While the Rams — and every other team in the NFL at that time — officially denied interest, the fit was obvious. Devaney had a model coach in Steve Spagnuolo, a Dungy-like figure of morality who staked his early coaching reputation on “four pillars” of conduct, providing Vick a clear template to hew to. And the Rams had a big empty hole in the roster where a star quarterback is supposed to go.
Writer David Heeb has some fun with the idea of consummating that relationship, and envisions a series of circumstances and re-thought decisions that ends with a Rams Super Team built around Vick (Dez Bryant! Von Miller! Aaron Hernandez! Boatloads of free agents!). I love alternate-reality sci-fi, and this is a pretty good read, but it depends largely on two fundamental events that could never have happened:
1. The 2009 Rams suffer through a 1-15 season with Vick riding the bench the whole way.
2. Rams fans and ownership embracing Vick as their hero and savior.
Let’s talk truth here. St. Louis fans are not like Philadelphia fans. The Eagles have been so tantalizingly close to a Super Bowl title for so long that it dominates the zeitgeist of their fanbase. Every argument between fans about the team begins and ends with winning it all. There is no right way or wrong way to win, there’s just winning and not. And gambling on Vick, despite his past, has clear upside there.
If there were any conscientious objectors to Vick in Philadelphia, they were drowned out by sellout crowds and “just win baby” talk radio. That simply would not have been the case in St. Louis, where there is a large semi-ecclesiastical fan base for whom the miraculous championship of 1999-2000 wasn’t won, but delivered unto us. Kurt Warner was (and is) treated with almost messianic devotion, and the debate between the “just win baby” fans who supported the move to Bulger (irrefutable in terms of performance) were met with as much white-hot rage as an abortion doctor at Catholic mass.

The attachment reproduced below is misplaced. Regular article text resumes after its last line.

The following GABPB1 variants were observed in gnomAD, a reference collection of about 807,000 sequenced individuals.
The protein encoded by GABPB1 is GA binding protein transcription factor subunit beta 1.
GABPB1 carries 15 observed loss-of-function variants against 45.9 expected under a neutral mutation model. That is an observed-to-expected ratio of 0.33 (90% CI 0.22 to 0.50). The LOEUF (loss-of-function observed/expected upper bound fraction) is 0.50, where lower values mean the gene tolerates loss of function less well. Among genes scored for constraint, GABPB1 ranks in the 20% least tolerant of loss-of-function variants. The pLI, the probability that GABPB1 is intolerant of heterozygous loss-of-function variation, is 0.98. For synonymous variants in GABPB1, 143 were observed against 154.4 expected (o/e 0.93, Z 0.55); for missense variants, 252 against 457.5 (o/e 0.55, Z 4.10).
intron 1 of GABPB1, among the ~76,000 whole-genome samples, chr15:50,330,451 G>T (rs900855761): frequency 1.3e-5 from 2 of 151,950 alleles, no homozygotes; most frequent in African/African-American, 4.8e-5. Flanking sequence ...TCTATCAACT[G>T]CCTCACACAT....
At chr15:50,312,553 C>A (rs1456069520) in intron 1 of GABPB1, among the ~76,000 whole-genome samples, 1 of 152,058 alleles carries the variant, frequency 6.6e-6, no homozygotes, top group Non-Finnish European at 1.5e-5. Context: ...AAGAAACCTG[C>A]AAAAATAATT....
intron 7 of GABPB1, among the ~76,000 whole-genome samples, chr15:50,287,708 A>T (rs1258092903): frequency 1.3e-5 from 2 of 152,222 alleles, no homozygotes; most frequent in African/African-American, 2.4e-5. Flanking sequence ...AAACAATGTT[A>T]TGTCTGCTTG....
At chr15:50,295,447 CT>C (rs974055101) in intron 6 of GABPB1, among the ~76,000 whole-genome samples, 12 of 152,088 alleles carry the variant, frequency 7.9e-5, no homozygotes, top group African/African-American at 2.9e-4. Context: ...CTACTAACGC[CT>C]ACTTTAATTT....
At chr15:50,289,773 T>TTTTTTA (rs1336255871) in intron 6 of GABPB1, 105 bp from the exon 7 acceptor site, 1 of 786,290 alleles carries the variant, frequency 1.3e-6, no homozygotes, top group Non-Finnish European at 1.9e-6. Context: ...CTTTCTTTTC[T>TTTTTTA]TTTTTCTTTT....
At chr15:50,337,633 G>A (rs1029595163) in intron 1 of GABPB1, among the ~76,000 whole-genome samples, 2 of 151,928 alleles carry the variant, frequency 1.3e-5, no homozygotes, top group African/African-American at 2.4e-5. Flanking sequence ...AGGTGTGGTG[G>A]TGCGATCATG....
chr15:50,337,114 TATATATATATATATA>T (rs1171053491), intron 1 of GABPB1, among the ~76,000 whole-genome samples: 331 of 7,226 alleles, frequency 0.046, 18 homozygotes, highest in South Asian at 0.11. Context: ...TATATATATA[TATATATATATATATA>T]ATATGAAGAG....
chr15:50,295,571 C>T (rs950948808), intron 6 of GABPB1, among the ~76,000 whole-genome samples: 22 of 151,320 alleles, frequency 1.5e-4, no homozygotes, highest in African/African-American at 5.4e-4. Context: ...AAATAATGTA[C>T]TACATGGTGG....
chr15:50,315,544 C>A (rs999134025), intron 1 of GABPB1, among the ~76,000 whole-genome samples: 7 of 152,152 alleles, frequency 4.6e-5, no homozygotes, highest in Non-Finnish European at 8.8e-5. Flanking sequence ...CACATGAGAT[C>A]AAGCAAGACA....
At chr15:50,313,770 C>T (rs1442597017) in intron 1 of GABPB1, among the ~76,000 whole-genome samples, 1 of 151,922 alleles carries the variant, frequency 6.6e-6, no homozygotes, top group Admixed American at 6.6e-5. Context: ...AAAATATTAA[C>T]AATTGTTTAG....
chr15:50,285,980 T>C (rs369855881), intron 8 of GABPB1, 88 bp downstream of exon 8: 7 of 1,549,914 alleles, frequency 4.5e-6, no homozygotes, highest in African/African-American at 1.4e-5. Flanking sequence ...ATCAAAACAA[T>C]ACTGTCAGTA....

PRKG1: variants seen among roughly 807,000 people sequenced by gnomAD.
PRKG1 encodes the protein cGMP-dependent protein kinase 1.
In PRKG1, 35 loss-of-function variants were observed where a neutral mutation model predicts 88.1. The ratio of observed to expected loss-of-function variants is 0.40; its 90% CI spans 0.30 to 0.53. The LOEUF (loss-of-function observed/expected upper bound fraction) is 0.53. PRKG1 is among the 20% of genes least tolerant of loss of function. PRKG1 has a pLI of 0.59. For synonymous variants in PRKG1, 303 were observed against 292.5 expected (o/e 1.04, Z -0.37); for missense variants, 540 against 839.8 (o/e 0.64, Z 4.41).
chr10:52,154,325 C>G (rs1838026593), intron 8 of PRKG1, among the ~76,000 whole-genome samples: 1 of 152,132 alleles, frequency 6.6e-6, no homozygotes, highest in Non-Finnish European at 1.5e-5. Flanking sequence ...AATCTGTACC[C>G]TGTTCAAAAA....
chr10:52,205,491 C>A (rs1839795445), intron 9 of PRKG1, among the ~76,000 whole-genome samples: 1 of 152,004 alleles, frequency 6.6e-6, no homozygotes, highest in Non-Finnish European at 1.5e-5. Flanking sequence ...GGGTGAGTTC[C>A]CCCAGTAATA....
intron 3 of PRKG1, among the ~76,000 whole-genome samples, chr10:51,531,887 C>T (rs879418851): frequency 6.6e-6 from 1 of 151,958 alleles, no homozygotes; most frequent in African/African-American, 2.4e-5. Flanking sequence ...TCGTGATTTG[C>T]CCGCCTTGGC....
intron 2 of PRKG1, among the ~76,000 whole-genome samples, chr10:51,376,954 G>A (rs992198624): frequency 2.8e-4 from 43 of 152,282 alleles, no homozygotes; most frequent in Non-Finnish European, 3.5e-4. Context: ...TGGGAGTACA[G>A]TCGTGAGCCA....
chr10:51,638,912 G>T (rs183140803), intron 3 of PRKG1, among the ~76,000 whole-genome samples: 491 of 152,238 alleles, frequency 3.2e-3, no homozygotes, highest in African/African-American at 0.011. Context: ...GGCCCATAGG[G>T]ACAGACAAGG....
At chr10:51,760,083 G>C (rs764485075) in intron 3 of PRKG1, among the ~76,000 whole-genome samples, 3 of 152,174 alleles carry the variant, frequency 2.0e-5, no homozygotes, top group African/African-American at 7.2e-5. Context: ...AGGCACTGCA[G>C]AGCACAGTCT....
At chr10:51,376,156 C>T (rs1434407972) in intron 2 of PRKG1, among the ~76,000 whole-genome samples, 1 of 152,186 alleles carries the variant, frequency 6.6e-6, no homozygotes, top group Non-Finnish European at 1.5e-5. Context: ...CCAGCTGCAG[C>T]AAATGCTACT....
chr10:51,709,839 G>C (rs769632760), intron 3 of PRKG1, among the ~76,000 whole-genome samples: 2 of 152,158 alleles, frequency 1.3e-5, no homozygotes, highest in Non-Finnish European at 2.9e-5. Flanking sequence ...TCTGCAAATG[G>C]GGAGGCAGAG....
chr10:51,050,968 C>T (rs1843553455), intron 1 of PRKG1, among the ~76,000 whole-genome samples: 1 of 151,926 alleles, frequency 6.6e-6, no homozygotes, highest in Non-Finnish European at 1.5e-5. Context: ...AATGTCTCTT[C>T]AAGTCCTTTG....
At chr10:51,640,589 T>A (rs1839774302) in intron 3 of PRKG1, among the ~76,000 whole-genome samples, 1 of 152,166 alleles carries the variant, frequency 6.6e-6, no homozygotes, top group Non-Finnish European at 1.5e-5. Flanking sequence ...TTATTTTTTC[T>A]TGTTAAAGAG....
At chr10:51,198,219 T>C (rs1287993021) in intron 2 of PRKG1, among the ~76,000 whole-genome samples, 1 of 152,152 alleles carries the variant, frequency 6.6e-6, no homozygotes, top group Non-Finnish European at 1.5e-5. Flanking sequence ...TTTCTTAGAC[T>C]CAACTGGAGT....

Vick and the Rams would have been in a no-win situation, in every sense of the word. How long into an 0-7 start, with Marc Bulger and Kyle Boller both stinking up the joint, could a weapon like Vick have been kept on the bench? The small core of faithful who stuck with the team during the bad times would have been split between demanding that he start, and decrying his very presence on the field. In the absence of large crowds outside the stadium, animal-rights protesters could make themselves very visible, making the news cycles and embarrassing Goodell and the league. Oh, and the talent-denuded Rams still would have sucked, hanging a dark cloud over Vick’s comeback. All this while the Rosenblooms try and find a buyer for their team in a hostile economic climate.
All of this was a part of Goodell’s calculation. Just as he “steered” Rush Limbaugh away from the franchise in 2009 (also the right decision), he would have quashed any possibility of Vick signing here, even if it meant depriving the Rams of an uptick in ticket sales and wins.
So we went through that 1-15 hell, and came out of it with Sam Bradford and an entire team pulling together toward playoff contention. We came out of it with a team hopefully capable of going toe to toe with Vick and this Eagles squad. So it’s a little easier now to look back and say, “You know what? The Commissioner was right.”